I can't remember quite where I saw this, but it was in a fair-quality Euro or Brit bike mag that quoted the suspension settings they found best when testing, and I was a bit shocked to see they had featured the S4Rs in a comparo and had recommended the compression adjuster be set at minimum. And that is basically what I found with the stock shock. You set the compression at minimum because you wanted to minimise that mid-high speed harshness. But even minimum didn't do that. So effectively, on the stocker, you had no compression adjustment: minimum was too hard, and you couldn't go any softer.

After the revalve, you can use the adjuster. So if you want more compression firmness on very smooth twistys, just wind it up. Obviously, you won't quite get the feel of the stock shock: that little bit of concavity will remain in the curve. For me, that's a good thing.

I should add tho, that I am not claiming the valving I have could not be improved on, even for me. I know Rick wouldn't make that claim either. With more iterations of pull-the-shock, revalve, ride and repeat, doubtless it could be brought even nearer perfection.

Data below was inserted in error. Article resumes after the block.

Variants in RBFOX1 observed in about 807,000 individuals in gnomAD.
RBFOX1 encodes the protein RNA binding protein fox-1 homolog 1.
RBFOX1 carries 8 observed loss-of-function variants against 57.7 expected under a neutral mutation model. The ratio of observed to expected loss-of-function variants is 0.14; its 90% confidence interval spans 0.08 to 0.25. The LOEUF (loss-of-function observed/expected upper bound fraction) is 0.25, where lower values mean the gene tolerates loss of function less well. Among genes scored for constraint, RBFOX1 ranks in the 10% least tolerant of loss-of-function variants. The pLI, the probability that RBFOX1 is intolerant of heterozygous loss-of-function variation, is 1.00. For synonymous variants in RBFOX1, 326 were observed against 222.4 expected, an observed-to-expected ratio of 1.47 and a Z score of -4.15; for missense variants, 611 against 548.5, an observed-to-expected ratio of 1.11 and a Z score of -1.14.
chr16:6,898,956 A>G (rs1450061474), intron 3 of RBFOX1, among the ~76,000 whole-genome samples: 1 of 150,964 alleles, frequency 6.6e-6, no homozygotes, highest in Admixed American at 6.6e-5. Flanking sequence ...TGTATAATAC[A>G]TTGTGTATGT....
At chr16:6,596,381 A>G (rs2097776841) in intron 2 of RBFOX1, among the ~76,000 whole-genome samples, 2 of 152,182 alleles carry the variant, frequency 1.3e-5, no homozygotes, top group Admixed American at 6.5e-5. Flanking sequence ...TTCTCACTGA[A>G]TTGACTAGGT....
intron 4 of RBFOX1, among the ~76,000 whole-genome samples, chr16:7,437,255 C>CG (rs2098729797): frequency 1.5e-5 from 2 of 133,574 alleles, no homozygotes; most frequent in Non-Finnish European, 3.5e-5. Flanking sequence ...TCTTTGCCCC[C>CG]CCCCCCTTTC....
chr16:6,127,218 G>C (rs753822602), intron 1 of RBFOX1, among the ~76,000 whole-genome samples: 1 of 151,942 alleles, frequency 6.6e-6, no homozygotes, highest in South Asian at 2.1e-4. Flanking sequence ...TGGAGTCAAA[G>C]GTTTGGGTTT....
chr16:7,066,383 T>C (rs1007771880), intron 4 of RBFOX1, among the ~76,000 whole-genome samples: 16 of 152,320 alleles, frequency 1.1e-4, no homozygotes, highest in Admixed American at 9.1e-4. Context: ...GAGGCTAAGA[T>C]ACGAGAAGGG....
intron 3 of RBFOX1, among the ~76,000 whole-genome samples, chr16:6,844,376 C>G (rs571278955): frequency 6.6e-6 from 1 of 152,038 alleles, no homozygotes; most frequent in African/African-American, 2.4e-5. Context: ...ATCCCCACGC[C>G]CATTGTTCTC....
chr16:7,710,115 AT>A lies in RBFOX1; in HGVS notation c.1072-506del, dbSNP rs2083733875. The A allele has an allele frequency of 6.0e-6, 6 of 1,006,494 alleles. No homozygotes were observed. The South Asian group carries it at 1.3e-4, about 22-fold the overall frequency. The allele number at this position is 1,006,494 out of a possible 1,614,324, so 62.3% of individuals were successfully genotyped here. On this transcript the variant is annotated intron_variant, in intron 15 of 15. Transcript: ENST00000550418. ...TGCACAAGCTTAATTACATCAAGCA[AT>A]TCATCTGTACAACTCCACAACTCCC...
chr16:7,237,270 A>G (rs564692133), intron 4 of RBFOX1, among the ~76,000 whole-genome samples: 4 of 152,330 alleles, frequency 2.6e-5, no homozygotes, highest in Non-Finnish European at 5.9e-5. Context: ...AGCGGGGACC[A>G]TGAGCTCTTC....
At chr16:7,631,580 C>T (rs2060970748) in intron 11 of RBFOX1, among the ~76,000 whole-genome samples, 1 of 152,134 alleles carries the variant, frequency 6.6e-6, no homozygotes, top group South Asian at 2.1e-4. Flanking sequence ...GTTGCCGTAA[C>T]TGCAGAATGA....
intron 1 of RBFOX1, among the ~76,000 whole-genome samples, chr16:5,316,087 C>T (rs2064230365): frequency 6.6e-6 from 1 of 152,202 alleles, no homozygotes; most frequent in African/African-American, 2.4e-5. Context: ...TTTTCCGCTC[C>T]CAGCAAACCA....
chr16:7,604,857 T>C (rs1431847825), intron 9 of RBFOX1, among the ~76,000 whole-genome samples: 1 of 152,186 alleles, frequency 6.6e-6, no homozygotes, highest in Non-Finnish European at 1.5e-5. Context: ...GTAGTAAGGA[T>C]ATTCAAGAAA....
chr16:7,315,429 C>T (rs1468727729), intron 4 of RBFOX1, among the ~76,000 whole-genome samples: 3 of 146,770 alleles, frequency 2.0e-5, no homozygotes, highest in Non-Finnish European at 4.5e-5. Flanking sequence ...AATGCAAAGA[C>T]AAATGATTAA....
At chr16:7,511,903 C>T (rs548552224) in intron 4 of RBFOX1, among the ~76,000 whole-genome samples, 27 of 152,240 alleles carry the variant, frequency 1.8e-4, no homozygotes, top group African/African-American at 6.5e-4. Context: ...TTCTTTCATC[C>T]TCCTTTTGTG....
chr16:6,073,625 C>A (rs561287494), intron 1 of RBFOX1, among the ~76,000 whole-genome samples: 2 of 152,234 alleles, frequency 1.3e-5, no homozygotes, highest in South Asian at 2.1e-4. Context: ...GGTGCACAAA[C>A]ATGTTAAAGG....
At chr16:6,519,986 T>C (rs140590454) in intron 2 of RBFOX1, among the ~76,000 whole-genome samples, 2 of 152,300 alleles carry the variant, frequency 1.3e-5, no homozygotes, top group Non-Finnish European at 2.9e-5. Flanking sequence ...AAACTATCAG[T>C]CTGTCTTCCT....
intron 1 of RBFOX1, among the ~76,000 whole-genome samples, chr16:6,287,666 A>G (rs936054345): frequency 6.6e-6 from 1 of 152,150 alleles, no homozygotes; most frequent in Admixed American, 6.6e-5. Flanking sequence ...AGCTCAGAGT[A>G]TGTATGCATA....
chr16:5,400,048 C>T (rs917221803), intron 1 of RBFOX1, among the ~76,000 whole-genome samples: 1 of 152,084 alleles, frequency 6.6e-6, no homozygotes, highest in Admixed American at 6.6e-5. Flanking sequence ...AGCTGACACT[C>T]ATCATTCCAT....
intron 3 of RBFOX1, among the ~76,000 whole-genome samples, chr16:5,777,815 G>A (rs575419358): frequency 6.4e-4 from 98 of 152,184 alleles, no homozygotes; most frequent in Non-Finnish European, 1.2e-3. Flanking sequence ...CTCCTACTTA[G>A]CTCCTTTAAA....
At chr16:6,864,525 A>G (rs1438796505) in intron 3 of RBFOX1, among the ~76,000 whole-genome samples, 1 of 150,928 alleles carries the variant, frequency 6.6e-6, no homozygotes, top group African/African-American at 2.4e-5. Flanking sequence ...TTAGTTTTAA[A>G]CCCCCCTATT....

However, it is bloody good, and extremely satisfying to ride on. The point of my posting about it, is that I feel I can recommend it with a lot of confidence. It is, if you like, a plug-and-play major improvement, rather than a shot in the dark. At the very least, fitting it will give a sense of just how good that Monster linkage can be over rough stuff (brilliant!). Afterwards, if you found you wanted to go back some way towards the stock feel, you could ask for that. Me? It will be a long, long time before I bother getting this shock pulled apart again.


Excellent details, I have always had the same feeling of the rear and front for that matter on my bike.